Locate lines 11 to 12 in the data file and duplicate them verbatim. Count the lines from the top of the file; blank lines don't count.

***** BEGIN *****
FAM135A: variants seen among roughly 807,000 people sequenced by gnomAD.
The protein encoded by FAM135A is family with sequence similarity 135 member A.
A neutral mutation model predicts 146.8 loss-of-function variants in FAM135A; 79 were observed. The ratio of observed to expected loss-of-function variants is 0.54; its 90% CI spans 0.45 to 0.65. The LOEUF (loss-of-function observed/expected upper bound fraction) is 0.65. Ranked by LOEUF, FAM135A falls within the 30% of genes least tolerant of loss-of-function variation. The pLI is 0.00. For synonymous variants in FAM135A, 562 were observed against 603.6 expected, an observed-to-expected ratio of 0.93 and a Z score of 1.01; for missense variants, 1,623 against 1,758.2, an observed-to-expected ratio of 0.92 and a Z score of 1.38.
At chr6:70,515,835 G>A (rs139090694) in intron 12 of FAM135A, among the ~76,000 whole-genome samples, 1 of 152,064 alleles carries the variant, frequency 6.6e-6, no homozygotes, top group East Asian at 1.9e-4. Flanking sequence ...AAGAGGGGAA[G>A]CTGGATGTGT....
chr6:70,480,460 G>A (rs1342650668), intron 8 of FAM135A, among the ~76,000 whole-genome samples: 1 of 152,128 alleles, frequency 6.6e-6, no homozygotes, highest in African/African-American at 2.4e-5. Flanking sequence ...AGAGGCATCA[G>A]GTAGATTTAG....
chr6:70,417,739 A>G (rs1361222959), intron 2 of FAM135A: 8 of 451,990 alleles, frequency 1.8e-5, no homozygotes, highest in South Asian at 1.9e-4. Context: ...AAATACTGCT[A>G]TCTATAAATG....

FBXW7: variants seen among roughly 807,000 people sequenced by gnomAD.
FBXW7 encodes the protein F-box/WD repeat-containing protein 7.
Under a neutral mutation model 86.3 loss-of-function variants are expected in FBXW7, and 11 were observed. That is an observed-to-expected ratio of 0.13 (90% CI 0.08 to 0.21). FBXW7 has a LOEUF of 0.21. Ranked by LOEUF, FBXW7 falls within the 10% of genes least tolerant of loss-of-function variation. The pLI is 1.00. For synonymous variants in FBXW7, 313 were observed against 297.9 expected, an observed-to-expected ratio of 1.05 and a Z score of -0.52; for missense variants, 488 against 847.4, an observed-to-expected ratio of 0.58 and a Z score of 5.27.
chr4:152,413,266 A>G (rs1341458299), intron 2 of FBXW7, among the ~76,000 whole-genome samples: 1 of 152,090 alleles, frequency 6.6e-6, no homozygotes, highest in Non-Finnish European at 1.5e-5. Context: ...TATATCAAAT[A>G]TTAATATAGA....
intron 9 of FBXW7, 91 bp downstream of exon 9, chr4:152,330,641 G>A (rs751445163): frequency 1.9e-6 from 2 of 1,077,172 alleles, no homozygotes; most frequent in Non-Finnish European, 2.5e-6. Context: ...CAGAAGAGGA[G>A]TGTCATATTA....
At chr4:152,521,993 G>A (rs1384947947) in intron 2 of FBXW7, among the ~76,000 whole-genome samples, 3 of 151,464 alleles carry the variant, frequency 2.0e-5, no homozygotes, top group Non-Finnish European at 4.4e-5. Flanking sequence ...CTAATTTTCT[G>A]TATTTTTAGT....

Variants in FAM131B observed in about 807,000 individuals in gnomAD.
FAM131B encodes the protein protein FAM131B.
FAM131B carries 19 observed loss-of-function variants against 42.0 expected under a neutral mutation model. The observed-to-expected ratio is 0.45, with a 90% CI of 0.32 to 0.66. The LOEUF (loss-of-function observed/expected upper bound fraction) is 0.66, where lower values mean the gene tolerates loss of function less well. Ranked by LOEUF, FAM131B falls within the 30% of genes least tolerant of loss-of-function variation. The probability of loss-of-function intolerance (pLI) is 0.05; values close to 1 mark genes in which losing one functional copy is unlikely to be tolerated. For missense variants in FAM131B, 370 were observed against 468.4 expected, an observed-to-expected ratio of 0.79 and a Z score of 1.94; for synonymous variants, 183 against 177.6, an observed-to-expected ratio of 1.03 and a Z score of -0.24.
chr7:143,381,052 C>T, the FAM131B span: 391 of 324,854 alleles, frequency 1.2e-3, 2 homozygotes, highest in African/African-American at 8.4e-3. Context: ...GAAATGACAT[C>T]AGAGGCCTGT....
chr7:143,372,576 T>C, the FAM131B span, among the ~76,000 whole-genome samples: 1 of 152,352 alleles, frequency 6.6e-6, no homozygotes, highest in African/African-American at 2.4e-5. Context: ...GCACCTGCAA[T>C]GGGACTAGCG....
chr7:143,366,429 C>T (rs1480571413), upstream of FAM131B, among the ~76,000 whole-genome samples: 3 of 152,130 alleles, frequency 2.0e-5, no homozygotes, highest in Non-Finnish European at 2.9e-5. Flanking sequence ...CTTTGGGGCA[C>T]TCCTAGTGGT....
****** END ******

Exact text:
intron 9 of FBXW7, 91 bp downstream of exon 9, chr4:152,330,641 G>A (rs751445163): frequency 1.9e-6 from 2 of 1,077,172 alleles, no homozygotes; most frequent in Non-Finnish European, 2.5e-6. Context: ...CAGAAGAGGA[G>A]TGTCATATTA....
At chr4:152,521,993 G>A (rs1384947947) in intron 2 of FBXW7, among the ~76,000 whole-genome samples, 3 of 151,464 alleles carry the variant, frequency 2.0e-5, no homozygotes, top group Non-Finnish European at 4.4e-5. Flanking sequence ...CTAATTTTCT[G>A]TATTTTTAGT....